For a devastating 12 months of fear and worry for my family, my friends, and myself—and the year when 49 people, mostly Latinx and queer, were murdered at Pulse nightclub—I felt ever more acutely that the dance floor was a sacred space. The most thrilling night I experienced this year was not Dizzee Rascal’s anniversary performance of Boy in Da Corner in its entirety but the afterparty for it, led by London grime innovators Elijah & Skilliam and Brooklyn’s Star Eyes, another female producer/DJ who has been leading the charge in underground dance music since she was a teenager playing raves in the Bay. (Also, shoutout to Alfie Allen, who was there at the club; far be it from me to presume Theon Greyjoy doesn’t love grime.) It was held at the underground venue Palisades, which was shut down in May, supposedly for lacking a cabaret license, sprinkler system, or second exit. As you point out, Ann, marginalized music simply cannot sustain itself without the proper support, and the way the underground is increasingly being pushed out into the margins is a symptom of locality itself being marginalized. The uncomfortable position we find ourselves in as Americans reject globalism (mainly its best, one-world ideals) for isolationism is that in doing so, communities are being squashed.

But weighing my other two favorite live shows of 2016 brings that dichotomy into focus. Hitmonster Garth Brooks at Yankee Stadium was wholly epic, and the show visually approached performance art in the way he pantomimed his very real patriotism by projecting horses racing through fields among majestic American flags; in another world, he could have been included in the Whitney Museum’s excellent and rightfully acclaimed “Dreamlands exhibit. And the young grime superstar Stormzy dazzled a crowd full of British expats on a sweaty, damp night in March at Brooklyn’s Market Hotel, a larger indie venue that was still too small for him. It’s a tertiary concern at best on the scale of things to fear about the incoming administration, but what will a Trump presidency mean for international touring musicians? Will the U.S. become yet another country to be boycotted, if it’s even still possible for musicians to procure international visas at all? The U.K. is reckoning with this topic after Brexit; the costliness and paperwork headache of traveling to individual countries in the European Union doesn’t bode well for the health of the worldwide underground, and I fear we’re in for it, too.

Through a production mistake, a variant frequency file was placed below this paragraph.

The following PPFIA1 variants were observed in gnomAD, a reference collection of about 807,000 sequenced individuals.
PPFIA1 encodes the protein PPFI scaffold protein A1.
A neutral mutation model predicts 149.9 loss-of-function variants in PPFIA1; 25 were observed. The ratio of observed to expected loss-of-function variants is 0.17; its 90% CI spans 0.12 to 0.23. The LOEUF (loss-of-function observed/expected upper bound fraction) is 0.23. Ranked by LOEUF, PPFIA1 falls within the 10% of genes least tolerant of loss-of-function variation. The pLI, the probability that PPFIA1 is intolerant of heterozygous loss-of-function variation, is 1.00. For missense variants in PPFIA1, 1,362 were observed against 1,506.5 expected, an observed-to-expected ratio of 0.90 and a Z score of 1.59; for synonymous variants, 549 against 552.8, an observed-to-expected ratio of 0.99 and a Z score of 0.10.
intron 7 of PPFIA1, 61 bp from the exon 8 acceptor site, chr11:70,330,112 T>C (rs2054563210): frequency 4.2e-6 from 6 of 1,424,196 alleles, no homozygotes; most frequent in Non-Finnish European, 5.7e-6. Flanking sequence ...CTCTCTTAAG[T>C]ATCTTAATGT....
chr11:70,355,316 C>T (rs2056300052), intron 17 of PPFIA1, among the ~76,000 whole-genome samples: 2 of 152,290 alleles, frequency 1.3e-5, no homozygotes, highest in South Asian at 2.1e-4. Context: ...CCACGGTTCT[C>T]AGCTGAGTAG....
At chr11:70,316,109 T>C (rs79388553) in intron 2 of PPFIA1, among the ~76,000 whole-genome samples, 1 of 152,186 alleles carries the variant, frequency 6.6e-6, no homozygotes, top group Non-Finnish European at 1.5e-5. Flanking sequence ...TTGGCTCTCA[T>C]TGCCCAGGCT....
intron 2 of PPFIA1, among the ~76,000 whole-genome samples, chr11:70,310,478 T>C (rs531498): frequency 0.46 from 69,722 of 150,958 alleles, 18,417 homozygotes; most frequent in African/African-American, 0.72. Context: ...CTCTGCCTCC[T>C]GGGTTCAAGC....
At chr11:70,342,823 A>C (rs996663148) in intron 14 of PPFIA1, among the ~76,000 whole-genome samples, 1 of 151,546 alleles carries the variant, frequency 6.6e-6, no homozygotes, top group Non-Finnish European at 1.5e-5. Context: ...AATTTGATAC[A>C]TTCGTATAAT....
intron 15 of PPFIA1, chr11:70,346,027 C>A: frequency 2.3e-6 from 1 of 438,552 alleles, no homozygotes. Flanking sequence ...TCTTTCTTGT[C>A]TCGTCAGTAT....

Young(ish!), Latin, and proud,


10 more songs:

16. Domo Genesis ft. Anderson .Paak, “Dapper
17. Princess Nokia, “Brujas
18. Nicki Minaj, “Black Barbies
19. Solange, “Rise
20. Abra, “Crybaby
21. AWE, “Club Week
22. Lunice, “Look Like
23. SUS4, “Pick Me Up
24. Khary, “Find Me
25. Kiiara “Gold